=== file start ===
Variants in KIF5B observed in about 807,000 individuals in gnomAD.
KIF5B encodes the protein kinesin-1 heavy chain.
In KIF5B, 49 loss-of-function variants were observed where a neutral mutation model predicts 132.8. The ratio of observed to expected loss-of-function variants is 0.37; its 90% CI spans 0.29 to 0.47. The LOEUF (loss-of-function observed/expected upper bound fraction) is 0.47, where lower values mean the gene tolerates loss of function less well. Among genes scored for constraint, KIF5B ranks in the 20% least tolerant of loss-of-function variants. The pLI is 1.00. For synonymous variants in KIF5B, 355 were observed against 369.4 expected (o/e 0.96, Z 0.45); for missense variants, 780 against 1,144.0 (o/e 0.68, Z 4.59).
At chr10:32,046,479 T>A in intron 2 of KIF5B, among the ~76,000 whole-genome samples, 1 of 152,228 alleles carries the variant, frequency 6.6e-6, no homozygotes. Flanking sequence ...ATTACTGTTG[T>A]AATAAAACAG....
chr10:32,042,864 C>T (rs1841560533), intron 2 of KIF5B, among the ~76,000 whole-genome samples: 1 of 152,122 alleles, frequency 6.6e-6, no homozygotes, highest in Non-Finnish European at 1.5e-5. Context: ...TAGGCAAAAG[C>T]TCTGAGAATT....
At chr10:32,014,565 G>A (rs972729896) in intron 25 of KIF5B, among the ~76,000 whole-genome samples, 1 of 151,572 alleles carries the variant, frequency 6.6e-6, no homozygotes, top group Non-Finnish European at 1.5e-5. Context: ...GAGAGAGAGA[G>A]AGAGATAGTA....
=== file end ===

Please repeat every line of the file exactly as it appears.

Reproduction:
Variants in KIF5B observed in about 807,000 individuals in gnomAD.
KIF5B encodes the protein kinesin-1 heavy chain.
In KIF5B, 49 loss-of-function variants were observed where a neutral mutation model predicts 132.8. The ratio of observed to expected loss-of-function variants is 0.37; its 90% CI spans 0.29 to 0.47. The LOEUF (loss-of-function observed/expected upper bound fraction) is 0.47, where lower values mean the gene tolerates loss of function less well. Among genes scored for constraint, KIF5B ranks in the 20% least tolerant of loss-of-function variants. The pLI is 1.00. For synonymous variants in KIF5B, 355 were observed against 369.4 expected (o/e 0.96, Z 0.45); for missense variants, 780 against 1,144.0 (o/e 0.68, Z 4.59).
At chr10:32,046,479 T>A in intron 2 of KIF5B, among the ~76,000 whole-genome samples, 1 of 152,228 alleles carries the variant, frequency 6.6e-6, no homozygotes. Flanking sequence ...ATTACTGTTG[T>A]AATAAAACAG....
chr10:32,042,864 C>T (rs1841560533), intron 2 of KIF5B, among the ~76,000 whole-genome samples: 1 of 152,122 alleles, frequency 6.6e-6, no homozygotes, highest in Non-Finnish European at 1.5e-5. Context: ...TAGGCAAAAG[C>T]TCTGAGAATT....
At chr10:32,014,565 G>A (rs972729896) in intron 25 of KIF5B, among the ~76,000 whole-genome samples, 1 of 151,572 alleles carries the variant, frequency 6.6e-6, no homozygotes, top group Non-Finnish European at 1.5e-5. Context: ...GAGAGAGAGA[G>A]AGAGATAGTA....